The world already knows the Mazda MX-5 represents great value fun, now the roadster is that little bit easier to live with thanks to the new hardtop version arriving.
Mazda Australia dealers now have what is called the Mazda MX-5 RF in stock and prices start from $38,550.
Offered in two specification levels – RF and RF GT, the GT version starts from $43,890.
Interestingly, Mazda is expecting the hardtop to outsell the soft-top with a split of 60/40 being projected.
I had the chance to sample the new addition to the MX-5 line-up at the models official Australian launch and came away really impressed.
Fully electric, the roof silently and smoothly lifts up and tucks away without a fuss.
There is a restriction though, you can only bring the roof up or down at speeds under 10km/h and that is certainly below the 30km/h or so limitation that many other convertibles have today.
Still, I reckon the chances are you will be opening or closing the roof at your point of origin, destination, or at a red light along the way.
It takes approximately 10 seconds for the MX-5 RF roof to open/close.
Thankfully, choosing the Mazda MX-5 RF won’t mean you have to live with less boot space – the engineers have managed to save enough space for two carry-on size suitcases (just enough for a couple on a weekend getaway).
In fact, despite all the technical wizardry that makes the hardtop roof open and close, the RF suffers only a 3 litre loss of cargo space compared to the soft-top version.
Not surprisingly, the hardtop Mazda MX-5 is heavier than the soft-top, about 45kgs in total.
Under the bonnet there is just the one engine on offer – Mazda’s 118kW/200Nm 2.0 litre SKYACTIV-G petrol engine.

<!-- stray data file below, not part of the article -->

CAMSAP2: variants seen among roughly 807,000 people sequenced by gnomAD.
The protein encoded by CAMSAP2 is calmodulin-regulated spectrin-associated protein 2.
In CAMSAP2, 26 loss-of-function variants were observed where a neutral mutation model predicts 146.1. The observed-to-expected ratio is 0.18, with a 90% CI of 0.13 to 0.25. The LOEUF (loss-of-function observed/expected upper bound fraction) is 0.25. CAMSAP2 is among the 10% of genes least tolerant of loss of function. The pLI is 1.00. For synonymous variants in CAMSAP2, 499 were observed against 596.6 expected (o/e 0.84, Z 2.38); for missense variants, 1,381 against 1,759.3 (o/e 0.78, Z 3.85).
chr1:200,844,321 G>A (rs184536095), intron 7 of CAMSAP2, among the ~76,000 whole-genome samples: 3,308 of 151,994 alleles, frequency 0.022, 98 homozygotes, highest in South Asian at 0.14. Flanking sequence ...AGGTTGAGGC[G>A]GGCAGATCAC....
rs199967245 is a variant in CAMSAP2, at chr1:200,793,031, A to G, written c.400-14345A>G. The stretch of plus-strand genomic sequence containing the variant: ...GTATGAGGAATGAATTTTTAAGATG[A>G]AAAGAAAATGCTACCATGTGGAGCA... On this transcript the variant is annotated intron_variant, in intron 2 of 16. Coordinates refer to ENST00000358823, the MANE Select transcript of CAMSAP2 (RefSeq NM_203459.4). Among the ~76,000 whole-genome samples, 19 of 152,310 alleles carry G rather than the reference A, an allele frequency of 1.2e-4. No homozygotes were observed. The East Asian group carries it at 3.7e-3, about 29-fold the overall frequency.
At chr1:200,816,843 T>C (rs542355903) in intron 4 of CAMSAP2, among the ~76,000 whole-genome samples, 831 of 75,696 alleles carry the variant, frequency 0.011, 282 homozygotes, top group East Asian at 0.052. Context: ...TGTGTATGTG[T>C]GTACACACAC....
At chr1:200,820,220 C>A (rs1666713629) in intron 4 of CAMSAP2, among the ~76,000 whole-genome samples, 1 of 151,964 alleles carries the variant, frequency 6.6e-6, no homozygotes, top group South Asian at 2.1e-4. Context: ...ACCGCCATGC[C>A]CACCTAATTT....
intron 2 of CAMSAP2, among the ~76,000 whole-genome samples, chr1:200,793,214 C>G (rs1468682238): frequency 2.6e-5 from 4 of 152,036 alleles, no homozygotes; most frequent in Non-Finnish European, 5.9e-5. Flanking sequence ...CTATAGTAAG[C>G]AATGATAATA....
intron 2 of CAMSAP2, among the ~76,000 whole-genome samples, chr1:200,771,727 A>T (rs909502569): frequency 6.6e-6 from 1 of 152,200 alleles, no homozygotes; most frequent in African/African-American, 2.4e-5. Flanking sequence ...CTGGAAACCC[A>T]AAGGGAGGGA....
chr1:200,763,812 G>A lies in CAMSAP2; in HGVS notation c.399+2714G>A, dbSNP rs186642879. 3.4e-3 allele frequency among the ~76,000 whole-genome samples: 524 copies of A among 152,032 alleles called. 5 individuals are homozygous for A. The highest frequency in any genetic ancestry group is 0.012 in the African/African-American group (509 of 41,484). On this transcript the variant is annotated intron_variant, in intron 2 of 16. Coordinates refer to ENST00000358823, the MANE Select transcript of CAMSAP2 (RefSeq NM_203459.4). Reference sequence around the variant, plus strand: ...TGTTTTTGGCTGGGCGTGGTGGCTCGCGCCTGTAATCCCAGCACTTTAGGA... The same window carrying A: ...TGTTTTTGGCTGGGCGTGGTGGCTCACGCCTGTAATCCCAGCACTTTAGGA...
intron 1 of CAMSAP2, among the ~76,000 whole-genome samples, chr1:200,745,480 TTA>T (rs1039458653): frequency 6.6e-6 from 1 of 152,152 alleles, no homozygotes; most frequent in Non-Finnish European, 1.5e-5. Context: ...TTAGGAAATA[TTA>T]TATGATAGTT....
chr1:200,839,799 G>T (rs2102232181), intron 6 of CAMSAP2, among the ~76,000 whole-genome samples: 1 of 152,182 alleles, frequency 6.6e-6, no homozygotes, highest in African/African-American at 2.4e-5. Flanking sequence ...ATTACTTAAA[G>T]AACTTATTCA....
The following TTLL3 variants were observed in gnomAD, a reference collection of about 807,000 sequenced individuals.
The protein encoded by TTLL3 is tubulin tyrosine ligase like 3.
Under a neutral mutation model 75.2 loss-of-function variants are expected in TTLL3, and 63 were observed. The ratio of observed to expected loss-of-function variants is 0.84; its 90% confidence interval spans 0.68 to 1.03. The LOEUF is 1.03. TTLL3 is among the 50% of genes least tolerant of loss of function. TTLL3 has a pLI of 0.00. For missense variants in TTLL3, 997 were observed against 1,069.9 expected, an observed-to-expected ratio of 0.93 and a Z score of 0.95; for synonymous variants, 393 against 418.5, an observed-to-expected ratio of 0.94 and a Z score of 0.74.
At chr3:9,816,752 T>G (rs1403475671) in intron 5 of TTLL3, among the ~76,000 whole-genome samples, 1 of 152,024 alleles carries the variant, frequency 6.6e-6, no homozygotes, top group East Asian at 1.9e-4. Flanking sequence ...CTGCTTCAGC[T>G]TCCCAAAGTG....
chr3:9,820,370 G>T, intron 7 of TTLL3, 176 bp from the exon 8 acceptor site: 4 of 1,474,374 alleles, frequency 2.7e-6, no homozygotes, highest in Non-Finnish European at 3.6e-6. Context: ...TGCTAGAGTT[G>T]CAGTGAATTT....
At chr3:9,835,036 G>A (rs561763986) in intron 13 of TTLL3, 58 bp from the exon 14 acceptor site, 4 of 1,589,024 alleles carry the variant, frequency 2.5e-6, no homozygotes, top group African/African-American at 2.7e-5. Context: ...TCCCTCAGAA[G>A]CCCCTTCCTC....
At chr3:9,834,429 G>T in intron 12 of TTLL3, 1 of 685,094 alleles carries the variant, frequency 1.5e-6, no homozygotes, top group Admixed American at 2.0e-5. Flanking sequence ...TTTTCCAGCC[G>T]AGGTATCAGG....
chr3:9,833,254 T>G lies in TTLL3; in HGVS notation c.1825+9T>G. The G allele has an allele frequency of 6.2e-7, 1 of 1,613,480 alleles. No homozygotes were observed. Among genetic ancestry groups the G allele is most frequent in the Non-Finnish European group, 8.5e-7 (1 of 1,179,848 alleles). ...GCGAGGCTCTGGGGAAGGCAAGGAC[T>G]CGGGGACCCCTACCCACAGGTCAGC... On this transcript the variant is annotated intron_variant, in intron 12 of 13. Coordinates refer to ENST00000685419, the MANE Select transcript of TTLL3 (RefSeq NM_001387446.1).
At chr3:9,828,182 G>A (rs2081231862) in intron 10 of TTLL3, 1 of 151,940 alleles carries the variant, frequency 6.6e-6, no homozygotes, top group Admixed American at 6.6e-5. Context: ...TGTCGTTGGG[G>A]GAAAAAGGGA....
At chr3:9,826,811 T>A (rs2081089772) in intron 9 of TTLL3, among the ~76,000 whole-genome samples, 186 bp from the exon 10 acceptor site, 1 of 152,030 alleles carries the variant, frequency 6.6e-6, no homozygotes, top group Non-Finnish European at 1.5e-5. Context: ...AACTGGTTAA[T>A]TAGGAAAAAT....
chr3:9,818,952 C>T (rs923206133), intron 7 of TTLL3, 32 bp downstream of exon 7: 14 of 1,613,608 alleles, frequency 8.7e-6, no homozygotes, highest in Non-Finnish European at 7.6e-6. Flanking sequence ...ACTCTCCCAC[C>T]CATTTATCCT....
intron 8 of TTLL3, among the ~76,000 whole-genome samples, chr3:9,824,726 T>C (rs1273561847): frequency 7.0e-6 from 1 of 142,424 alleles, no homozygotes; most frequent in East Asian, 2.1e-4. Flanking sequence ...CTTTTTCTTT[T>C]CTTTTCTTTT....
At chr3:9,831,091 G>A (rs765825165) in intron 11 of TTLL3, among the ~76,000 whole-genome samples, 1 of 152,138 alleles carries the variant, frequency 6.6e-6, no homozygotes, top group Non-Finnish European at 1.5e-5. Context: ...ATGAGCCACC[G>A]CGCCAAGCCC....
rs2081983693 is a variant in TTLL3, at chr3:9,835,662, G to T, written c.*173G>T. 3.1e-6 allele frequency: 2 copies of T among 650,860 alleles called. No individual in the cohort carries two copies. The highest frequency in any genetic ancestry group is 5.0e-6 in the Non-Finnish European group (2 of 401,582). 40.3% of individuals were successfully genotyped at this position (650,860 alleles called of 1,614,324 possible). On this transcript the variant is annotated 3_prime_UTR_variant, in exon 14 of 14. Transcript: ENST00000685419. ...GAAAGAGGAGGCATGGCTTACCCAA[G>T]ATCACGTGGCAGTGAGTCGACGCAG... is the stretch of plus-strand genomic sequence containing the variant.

While buyers get the choice of a six-speed manual transmission or six-speed auto – the answer to this, for my money, is the manual.
Enabling you to really get the most out of the engine, the manual shifter also feels really great in your hand too!
While fuel economy is also slightly better in the manual – 7.0 litres combined, compared to 7.4 litres for the auto.
The new-gen Mazda MX-5 uses around 14% less fuel than the old model.
Out on the road the Mazda MX-5 (in either soft-top or hardtop) is a delight to drive.
I had the chance to drive the manual version across the NSW Blue Mountains and it was truly a memorable experience having the top down and cruising around the bends and up and down the peaks.
The MX-5 grips exceptionally well, the handling is right up there too and the ride, despite running on relatively low profile tyres, is not at all uncomfortable.
The body also feels really tight and reassuring as well and that is often a concern with a ‘roof less’ model like this.
But what really makes the 2017 Mazda MX-5 so much fun is where you are actually sitting in the car.
With this new model you sit back a further 50mm towards the rear of the car and that means you are almost sitting atop the rear axle!
This gives you a really thrilling feel as you zip around the bends.
Inside the Mazda MX-5 cabin you can’t expect too much storage space or convenience, after all this is a dedicated two seat roadster.
But it does suffer from a lack of a decent spot to put your phone. Yes, there is a small area under the arm rest in the centre console, however most people like to have their phone in easy reach (especially if they are using it to stream music/podcasts as I was doing).
The cupholders are also located between the rear seat backs and as you can imagine that isn’t the most convenient place.
While comfort levels in the drivers seat are reduced by a hefty bulge in the floor that somewhat prevents you from resting your left leg up and away from the pedals (especially felt during long highway stretches).
Standard features in the entry-level model include the impressive Mazda MZD Connect infotainment system, Blind-spot monitoring, rear cross traffic alert, and 17″ alloy wheels.
The MX-5 RF GT adds sat-nav, leather interior, and a BOSE nine-speaker sound system.
While a reverse camera is a $485 option on both model grades (and well worth getting).
The new model is more efficient and drives better than the old one, while the 2.0 litre engine adequately propels the roadster along.
Again, my preference by a long way was the manual version and in regards to the new hardtop RF version – top marks to Mazda for both design and execution.
NUTS and BOLTS – 2017 Mazda MX-5 RF
Engine: 2.0 litre petrol developing 118kW and 200Nm
Transmission: Six-speed manual or six-speed auto
Warranty: Three years
Safety: Five stars
Price: from $38,550